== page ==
WASHINGTON -- Barack Obama is about to learn the price of picking on Wall Street.
The U.S. President's love-hate relationship with Wall Street is on full display this week as he tapped executives for big political donations while simultaneously shaming them for thwarting his planned financial-system overhaul.
Mr. Obama was in New York City last night for a lavish $30,400 (U.S.) per couple political fundraiser - cash the Democratic Party needs to keep its hold on Congress in next year's midterm elections.
The event comes at an awkward time for the White House, which has been trying to stir up public outrage over bad behaviour on Wall Street and kick-start stalled efforts to reform financial regulation in the wake of the financial crisis.
"Alienating Wall Street in that context is risky business," agreed Lawrence Mitchell, a George Washington University law professor and author of Speculation Economy: How Finance Triumphed Over Industry.
"Obama needs that money."
The Obama administration has adopted an increasingly confrontational tone against Wall Street in the face of fierce lobbying to water down key parts of a sweeping regulatory overhaul.
Among other things, the financial industry wants to shackle a proposed new consumer regulator, limit the government's ability to shut down systemically important financial institutions and block stricter rules for derivatives trading.
The momentum for reform has stalled in recent months amid evidence that the economy is slowly recovering and the credit crisis is easing. That allowed the various industry players to attack key parts of the Obama administration's reforms.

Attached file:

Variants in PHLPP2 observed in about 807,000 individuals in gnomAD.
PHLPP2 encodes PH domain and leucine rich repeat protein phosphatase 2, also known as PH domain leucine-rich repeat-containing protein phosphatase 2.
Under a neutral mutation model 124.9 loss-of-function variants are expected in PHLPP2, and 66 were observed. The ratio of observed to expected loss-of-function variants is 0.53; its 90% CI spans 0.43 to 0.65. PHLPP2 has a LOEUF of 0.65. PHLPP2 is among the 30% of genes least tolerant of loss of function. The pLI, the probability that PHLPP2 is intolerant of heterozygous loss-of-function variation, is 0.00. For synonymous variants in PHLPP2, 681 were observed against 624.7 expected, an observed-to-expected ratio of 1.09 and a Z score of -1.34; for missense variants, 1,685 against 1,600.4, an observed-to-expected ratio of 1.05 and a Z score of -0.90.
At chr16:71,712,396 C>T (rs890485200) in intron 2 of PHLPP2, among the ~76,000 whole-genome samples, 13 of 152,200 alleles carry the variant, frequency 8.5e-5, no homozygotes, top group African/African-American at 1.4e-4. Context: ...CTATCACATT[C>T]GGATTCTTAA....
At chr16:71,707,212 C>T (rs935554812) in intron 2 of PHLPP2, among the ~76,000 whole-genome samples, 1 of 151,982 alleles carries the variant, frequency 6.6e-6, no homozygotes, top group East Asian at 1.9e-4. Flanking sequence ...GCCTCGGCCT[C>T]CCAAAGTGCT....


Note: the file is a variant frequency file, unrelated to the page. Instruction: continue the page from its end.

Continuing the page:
"I don't see a populist uprising," Prof. Mitchell remarked. "As the market comes back, people forget about it. Obama's lost the momentum on meaningful long-term reform."
The major banks, who just months ago relied on a massive government bailout, are now racking up big profits and paying out multimillion-dollar bonuses again.
The White House is hoping that new evidence of brazen behaviour on Wall Street will rekindle public and Congressional outrage.
Last week, the U.S. Justice Department and the Securities and Exchange Commission filed charges and arrested six people in an alleged web of insider trading involving some of the biggest names in the investment business, including billionaire hedge fund manager Raj Rajaratnam, co-founder of the Galleon Group.
Some hedge fund managers worry the case will help smooth passage in Congress of stricter rules for hedge funds, subjecting them to oversight by a new systemic regulator.
Jacob Frenkel, a former federal prosecutor and SEC enforcement lawyer, acknowledged the insider trading case makes Wall Street look bad.
But Mr. Frenkel said he doubts the timing of the charges was aimed at pushing the reforms along. More likely, the Obama administration wants to show that it's a tough cop on securities following the market meltdown and the SEC's failure to uncover the Bernard Madoff Ponzi scheme, he said. "It creates a deterrent effect," argued Mr. Frenkel, now a lawyer at Shulman Rogers in Potomac, Md.
White House officials have also tried to shame bankers for pocketing big bonuses at Goldman Sachs, JPMorgan Chase and Bank of America.
"The bonuses are offensive," Obama adviser David Axelrod complained over the weekend as he urged banks to stop resisting reform and ramp up their lending.
"They ought to think through what they are doing, and they ought to understand that a year ago a lot of these institutions were teetering on the brink, and the United States government and taxpayers came to their defence."
Democratic leaders in the House of Representatives want a complete reform bill passed before the end of the year. The package would then have to be reconciled with a similar effort in the Senate.
© 2007 The Globe and Mail. All rights reserved.
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